Despite being over 100 years old, the Montessori Method seems to be gaining in popularity. It’s no wonder, though – Montessori has a lot to offer! While I wouldn’t say I’m a strict Montessori mom, there are definitely pieces of the Montessori philosophies that I have incorporated into our lives, even when my children were babies.

What is the Montessori method?

The Montessori method was developed by Dr. Maria Montessori in 1907. Italy’s first female doctor, Dr. Montessori opened the Casa dei Bambini as a way to provide education to low-income children in Rome. Instead of using traditional teaching methods though, Dr. Montessori decided to test her own educational theories in the classroom. These eventually developed into the child,-centered educational theories we now most commonly know as the Montessori Method. 

Isn’t Montessori only for rich people?

When I first looked at potentially sending my children to a Montessori preschool in our area, the tuition floored me. I had heard that Montessori was expensive, but yikes…

Deciding I neither wanted to sell my kidneys nor commit wire fraud, I felt the next best thing was to start to incorporate Montessori at home.

It was when I was researching Montessori that I learned about Maria Montessori, developing her teaching methods in some of the poorest districts in Italy. It’s interesting that while modern Montessori schools tend to be pricey, the roots of this teaching style are the exact opposite of elitist.

Incorporating Montessori at Home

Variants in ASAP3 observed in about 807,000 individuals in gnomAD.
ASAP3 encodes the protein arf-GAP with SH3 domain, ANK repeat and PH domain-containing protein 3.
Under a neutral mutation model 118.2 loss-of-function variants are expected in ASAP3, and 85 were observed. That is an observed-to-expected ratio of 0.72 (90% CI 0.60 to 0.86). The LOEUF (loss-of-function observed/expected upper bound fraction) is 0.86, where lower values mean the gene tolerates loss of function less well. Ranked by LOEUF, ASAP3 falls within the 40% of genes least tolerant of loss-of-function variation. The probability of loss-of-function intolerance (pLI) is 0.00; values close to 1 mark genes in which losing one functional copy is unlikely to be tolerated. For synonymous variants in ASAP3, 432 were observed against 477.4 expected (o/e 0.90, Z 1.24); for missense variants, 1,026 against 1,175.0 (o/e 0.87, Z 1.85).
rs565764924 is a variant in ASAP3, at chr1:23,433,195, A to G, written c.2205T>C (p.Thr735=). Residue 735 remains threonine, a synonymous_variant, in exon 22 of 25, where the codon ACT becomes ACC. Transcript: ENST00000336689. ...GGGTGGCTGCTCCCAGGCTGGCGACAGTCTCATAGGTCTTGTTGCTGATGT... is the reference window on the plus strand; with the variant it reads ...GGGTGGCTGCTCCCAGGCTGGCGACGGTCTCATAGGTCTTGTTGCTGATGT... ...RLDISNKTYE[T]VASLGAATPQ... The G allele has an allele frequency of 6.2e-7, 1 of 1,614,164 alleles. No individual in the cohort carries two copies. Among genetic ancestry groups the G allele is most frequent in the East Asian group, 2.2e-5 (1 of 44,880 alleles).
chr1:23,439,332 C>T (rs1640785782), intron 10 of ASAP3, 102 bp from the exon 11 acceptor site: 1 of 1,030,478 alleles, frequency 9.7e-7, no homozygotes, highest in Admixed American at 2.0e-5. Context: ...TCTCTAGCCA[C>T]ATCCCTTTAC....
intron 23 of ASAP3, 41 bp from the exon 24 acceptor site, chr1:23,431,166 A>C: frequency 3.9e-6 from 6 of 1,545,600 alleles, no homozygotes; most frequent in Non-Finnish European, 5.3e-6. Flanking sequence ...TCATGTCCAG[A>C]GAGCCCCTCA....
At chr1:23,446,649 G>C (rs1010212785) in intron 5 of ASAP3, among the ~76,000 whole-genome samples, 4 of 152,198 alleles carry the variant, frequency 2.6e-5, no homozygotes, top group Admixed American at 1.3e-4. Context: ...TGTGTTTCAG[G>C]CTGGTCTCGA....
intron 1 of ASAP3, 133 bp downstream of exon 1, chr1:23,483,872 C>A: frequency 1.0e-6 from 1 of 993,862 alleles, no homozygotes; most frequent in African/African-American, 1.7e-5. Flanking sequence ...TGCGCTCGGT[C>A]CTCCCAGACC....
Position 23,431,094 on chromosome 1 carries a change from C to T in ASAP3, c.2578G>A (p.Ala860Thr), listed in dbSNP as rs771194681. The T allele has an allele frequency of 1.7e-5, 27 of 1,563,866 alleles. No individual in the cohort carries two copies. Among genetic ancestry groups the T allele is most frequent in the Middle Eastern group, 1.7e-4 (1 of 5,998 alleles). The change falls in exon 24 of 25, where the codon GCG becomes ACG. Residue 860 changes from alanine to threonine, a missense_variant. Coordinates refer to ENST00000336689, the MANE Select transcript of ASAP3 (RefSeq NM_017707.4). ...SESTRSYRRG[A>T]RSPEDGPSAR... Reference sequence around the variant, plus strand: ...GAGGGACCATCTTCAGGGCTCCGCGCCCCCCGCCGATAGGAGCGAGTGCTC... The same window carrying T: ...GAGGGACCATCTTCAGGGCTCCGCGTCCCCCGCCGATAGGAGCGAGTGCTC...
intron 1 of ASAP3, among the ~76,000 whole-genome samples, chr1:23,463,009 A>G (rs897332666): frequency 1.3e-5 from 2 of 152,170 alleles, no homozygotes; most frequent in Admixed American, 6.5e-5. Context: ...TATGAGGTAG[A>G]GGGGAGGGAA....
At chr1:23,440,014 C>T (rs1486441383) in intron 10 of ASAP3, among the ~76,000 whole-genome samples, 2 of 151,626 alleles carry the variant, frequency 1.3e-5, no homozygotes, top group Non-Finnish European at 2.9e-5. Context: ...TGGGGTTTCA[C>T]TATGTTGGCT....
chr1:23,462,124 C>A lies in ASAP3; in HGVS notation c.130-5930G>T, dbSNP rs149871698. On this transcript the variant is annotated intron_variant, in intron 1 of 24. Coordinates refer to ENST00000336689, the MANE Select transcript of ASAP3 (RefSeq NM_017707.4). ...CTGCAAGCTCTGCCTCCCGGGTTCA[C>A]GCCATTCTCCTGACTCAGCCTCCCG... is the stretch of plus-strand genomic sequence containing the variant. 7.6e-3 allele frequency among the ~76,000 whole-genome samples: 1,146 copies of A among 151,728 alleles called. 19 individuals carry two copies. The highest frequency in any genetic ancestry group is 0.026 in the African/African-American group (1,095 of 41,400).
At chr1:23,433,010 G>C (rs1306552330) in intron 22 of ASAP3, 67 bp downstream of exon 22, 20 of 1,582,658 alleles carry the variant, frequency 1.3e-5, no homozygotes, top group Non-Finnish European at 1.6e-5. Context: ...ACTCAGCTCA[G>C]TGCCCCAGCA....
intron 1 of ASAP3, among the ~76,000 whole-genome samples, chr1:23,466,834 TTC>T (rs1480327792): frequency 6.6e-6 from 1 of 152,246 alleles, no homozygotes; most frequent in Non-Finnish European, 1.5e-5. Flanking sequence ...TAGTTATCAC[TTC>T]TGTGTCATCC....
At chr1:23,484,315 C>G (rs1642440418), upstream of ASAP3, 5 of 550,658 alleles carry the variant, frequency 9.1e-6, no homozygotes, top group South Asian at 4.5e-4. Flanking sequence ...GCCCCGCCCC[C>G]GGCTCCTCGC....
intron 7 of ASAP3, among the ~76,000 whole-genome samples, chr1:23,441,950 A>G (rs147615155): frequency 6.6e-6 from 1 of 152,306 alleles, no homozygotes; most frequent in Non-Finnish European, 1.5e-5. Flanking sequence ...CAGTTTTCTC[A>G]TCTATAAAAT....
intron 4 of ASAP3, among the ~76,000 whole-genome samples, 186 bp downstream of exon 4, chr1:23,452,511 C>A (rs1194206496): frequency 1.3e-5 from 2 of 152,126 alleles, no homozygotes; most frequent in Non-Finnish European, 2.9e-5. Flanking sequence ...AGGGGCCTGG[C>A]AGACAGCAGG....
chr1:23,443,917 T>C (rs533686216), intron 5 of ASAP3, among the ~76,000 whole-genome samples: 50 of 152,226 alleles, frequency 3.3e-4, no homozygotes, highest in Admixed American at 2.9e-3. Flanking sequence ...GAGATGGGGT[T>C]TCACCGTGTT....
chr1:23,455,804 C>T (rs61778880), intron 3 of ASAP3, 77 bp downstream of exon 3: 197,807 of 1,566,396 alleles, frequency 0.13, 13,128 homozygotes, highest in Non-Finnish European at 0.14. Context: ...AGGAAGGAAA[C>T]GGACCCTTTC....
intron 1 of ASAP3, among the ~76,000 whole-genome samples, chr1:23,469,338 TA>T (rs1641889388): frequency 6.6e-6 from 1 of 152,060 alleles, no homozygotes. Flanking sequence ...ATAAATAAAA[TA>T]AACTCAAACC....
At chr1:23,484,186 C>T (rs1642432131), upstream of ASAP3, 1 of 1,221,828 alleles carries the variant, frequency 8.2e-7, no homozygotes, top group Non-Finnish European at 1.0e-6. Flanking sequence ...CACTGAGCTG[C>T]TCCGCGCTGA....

In the interest of being thrifty, the idea of going out and buying a bunch of furniture/toys/supplies that was supposedly “Montessori” didn’t sit well with me. This is where the Montessori(ISH) comes into play as I began to incorporate Montessori without going all in.

Keeping Things Accessible

With Montessori, I loved the idea of children being independent and free to learn/explore at their own pace. So even as babies, I let my children guide the way (while keeping them safe, of course!)

By following their lead, they were able to learn in a way that kept them excited and curious. In Montessori, this is called having a “prepared environment.”

What is a Montessori Prepared Environment?

A prepared environment is Dr. Montessori’s idea that a child’s surroundings can be designed to allow for maximum independent learning and exploration by the child. 

The 6 main elements include:

  • Freedom
  • Structure and order
  • Beauty
  • Nature and reality
  • Social environment
  • Intellectual environment

Basically it’s the idea that you create space for your child that is meaningfully structured. Everything within their space should have a purpose and nothing should be such that it’s overwhelming to the child.

Do Montessori children play pretend?

Research shows that children under the age of six have a hard time distinguishing between fantasy and reality. This is why it’s so easy for children to believe in the idea of Santa Claus, the Easter Bunny, the Tooth Fairy, etc.

As such, Montessori encourages play to be rooted in reality. Think actually baking cookies rather than “playing restaurant”.

Personally, while I appreciate the concept, this is again where I don’t necessarily go all in when it comes to Montessori.

Playing School

Here’s a great example of why I think one can pull from Montessori without necessarily being strict with it.

My kids have always been very into playing baby dolls, which is technically discouraged by Montessori, but never by me.